The projects implemented under the Cross-border Cooperation Programme Poland-Belarus-Ukraine 2014-2020 are not just indicators, budgets, reports and payments. Although these are inseparable elements, above all each project hides the specific ideas, values and dreams of people implementing it, as well as the stories of those who benefited from their implementation.
We want to bring some of them closer to you by the "Project stories" – the cycle which presents their more human (but also animal – as in the 1st, 13th and 14th episodes) dimension of our selected projects. We invite you to read!
More than 600 km apart. Two cities, in two countries, on two sides of the border. And fates reflected as if in a mirror…
Olga Ignatowicz comes from Ukraine, but for the past five years, she's been living in Suwałki (PL), her husband's hometown. They met in Ukraine, where, as a student of Ukrainian Studies at the University of Warmia and Mazury, he served an internship. After a few years, they moved to Poland, to which they both decided to dedicate their future. Olga works in a kindergarten and, at the same time, is active in the Association "Union of Ukrainians in Suwałki", which gathers her compatriots, who came to Poland mostly in search of work. She tries to integrate the Ukrainian community around common events, to which they also invite other inhabitants of the city. She stresses, however, that the biggest barrier for Ukrainians in Poland is the lack of the language knowledge, especially because of their intensive work they don't have much time for external contacts:
And without knowing the language, as in any foreign country, it is difficult to live. You don't know whom to address, sometimes you're ashamed to speak, you're afraid that you won't be understood.
"On the other side of the mirror", in Ternopil (UA), Jerzy Zawadzki lives with his family of Polish roots. He and his relatives have been associated with the Ternopil area for generations:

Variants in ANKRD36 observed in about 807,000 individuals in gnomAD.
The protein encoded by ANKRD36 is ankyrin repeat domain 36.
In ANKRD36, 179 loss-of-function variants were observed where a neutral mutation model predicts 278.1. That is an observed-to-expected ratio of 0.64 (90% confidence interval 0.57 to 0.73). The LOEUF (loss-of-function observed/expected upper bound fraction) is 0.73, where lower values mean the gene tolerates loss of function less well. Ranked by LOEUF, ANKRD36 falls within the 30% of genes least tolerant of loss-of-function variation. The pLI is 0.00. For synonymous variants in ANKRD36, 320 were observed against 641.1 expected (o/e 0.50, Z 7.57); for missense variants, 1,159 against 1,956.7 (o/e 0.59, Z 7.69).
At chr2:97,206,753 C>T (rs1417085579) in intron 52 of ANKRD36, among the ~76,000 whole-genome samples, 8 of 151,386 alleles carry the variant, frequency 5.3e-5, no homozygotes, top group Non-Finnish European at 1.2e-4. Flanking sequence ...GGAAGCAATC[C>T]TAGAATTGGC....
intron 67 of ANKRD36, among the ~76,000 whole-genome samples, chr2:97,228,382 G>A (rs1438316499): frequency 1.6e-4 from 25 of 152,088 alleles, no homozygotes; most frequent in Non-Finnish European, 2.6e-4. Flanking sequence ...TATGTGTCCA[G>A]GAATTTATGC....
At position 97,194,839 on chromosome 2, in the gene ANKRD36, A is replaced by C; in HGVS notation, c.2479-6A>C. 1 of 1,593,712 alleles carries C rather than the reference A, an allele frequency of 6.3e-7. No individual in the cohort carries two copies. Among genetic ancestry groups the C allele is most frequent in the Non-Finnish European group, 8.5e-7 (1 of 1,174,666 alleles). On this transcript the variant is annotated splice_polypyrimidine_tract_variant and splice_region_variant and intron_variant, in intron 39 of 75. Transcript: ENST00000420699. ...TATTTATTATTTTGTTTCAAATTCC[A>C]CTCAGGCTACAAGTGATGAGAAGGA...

His mother's family (Łopuszyńscy, Wołosieccy) comes from Ternopil and the surrounding area, while his father's family joins families from the Ternopil area and from near Jarosław. My family is diverse - in everyday life in Ternopil we use Ukrainian, each of us is fluent in Polish, and I also use Polish in my work as a poet and translator. My grandmother gave me recipes, fairy tales, poems, proverbs in Polish, and I grew up in an exclusively Ukrainian environment at school. (...) I feel equally at home here and in Kraków, Przemyśl or Tarnów.
A characteristic feature of the borderlands is the interpenetration of cultures, languages, but also human fates, often difficult and changeable. And although a lot of ink has been spilled on the subject, it turns out that we still know very little about each other. Stereotypes, prejudices and sometimes simply ignorance are the main barriers. The participants of the project "Let's get to know each other - Ukrainians in Suwałki, Poles in Ternopil" decided to change that.
According to estimates, there are about 3,000 Ukrainians living and working in Suwałki, but residents don't know much about them. The aim of the "Let's get to know each other – Ukrainians in Suwałki, Poles in Ternopil" project was to show to the Suwałki’s residents the Ukrainian culture and traditions and on the other side, to create a place in Suwałki, where Ukrainians could get information about the city and meet each other – say the project's authors.
And as in a mirror – a similar number of Poles live in the Ternopil oblast of Ukraine, so similar activities are also planned there.
The project is also the fruit of several years of cooperation between the two cities – in August 2017, the authorities of Suwałki and Ternopil signed a letter of intent on cooperation. But how to translate intentions into practical action? To begin with, the partners met online as part of the project's opening conference. Then it was time for “The book that changed my life" action. It was the beginning of an Ukrainian-language book collection in the Suwałki Public Library and a Polish-language book collection in the library in Ternopil.
And this is how the implementation of the project began. What do the residents of the friendly cities would expect from the common project?
It's worth integrating, organising joint meetings - they would help us, Ukrainians become more integrated into Polish society - says Olga
This cultural exchange is very important for us – this is one of the ways of bringing back from the past the spirit of Galicia, which was our common home - complements Jerzy
You can find out more about the project here.
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